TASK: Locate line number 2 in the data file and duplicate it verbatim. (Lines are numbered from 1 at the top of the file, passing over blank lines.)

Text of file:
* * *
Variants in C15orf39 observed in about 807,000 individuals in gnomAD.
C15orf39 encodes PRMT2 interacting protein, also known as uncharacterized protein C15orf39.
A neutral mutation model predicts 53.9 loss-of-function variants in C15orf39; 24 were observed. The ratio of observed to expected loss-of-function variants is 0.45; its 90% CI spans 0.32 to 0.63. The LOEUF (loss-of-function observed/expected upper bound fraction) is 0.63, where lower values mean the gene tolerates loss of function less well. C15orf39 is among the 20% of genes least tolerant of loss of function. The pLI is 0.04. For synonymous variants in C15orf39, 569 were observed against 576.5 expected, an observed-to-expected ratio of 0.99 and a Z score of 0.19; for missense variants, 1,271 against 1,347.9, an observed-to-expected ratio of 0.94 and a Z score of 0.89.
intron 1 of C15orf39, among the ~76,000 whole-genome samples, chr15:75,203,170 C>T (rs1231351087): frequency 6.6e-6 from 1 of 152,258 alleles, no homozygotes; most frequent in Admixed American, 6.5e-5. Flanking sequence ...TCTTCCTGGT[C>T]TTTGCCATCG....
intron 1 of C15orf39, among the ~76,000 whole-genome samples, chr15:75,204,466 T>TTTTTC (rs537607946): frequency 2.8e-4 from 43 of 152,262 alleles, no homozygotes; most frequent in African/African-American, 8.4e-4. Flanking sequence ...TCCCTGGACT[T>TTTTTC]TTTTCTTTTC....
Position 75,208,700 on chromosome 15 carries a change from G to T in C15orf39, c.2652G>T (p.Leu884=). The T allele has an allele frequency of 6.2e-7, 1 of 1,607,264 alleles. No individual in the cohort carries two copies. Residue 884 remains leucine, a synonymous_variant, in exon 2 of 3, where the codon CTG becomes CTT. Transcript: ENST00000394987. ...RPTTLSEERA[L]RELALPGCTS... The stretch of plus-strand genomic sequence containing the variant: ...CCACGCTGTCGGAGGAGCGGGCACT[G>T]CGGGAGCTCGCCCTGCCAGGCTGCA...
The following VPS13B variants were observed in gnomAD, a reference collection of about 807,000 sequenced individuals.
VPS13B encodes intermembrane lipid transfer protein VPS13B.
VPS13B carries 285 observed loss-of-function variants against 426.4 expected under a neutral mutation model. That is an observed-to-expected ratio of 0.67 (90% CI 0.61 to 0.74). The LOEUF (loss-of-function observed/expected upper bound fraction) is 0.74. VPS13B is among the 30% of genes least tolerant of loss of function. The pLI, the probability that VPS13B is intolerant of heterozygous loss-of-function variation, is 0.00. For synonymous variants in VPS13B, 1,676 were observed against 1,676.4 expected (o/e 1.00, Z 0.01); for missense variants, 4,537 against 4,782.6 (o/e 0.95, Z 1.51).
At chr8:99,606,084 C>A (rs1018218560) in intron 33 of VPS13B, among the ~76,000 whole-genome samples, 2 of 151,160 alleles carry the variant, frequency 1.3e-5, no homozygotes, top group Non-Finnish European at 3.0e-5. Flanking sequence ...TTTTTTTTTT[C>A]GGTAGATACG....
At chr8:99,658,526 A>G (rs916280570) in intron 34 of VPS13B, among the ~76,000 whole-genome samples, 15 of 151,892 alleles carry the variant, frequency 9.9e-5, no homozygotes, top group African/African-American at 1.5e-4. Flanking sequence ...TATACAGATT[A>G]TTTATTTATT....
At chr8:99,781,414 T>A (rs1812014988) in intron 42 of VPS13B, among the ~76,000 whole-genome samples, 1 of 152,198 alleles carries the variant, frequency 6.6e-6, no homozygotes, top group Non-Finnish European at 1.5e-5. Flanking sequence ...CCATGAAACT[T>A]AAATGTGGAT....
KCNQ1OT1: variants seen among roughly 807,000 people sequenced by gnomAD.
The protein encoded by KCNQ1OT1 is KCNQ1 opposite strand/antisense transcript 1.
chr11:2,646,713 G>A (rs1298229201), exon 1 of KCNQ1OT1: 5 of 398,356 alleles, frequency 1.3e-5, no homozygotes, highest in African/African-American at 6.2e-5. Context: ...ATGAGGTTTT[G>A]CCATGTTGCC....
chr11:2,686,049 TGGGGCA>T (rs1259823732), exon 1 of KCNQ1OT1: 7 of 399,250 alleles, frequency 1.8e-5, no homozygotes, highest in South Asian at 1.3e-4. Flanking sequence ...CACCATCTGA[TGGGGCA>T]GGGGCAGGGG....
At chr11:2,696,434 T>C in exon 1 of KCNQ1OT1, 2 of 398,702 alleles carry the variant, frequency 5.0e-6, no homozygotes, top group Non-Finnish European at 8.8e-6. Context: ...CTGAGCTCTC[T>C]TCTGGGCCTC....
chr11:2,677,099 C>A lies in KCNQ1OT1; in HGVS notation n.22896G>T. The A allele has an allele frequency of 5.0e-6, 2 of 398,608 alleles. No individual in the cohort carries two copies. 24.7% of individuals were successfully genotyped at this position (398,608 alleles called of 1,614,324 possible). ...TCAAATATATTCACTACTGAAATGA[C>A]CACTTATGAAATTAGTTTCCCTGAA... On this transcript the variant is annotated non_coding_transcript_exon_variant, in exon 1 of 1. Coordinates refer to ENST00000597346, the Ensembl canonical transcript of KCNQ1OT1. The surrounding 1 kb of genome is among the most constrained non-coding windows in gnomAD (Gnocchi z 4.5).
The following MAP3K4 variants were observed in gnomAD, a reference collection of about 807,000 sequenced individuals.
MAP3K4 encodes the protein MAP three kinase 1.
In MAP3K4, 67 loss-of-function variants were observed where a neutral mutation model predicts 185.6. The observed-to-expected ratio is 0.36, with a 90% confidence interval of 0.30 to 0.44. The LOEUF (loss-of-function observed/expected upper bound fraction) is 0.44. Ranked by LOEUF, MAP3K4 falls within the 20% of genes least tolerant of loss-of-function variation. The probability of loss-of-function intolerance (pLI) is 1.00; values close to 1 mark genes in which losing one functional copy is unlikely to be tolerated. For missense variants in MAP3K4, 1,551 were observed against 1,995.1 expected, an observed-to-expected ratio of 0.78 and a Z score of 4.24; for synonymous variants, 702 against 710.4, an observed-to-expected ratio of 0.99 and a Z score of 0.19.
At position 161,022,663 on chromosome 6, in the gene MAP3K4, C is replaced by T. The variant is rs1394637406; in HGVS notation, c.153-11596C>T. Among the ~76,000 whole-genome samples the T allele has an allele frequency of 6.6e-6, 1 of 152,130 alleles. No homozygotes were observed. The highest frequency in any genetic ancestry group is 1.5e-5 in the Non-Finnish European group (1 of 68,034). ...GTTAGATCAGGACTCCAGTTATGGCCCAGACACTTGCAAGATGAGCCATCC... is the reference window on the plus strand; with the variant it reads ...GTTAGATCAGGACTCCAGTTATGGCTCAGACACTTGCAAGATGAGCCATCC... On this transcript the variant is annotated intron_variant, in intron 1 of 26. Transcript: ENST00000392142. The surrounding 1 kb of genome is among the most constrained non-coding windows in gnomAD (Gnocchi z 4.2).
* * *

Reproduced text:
C15orf39 encodes PRMT2 interacting protein, also known as uncharacterized protein C15orf39.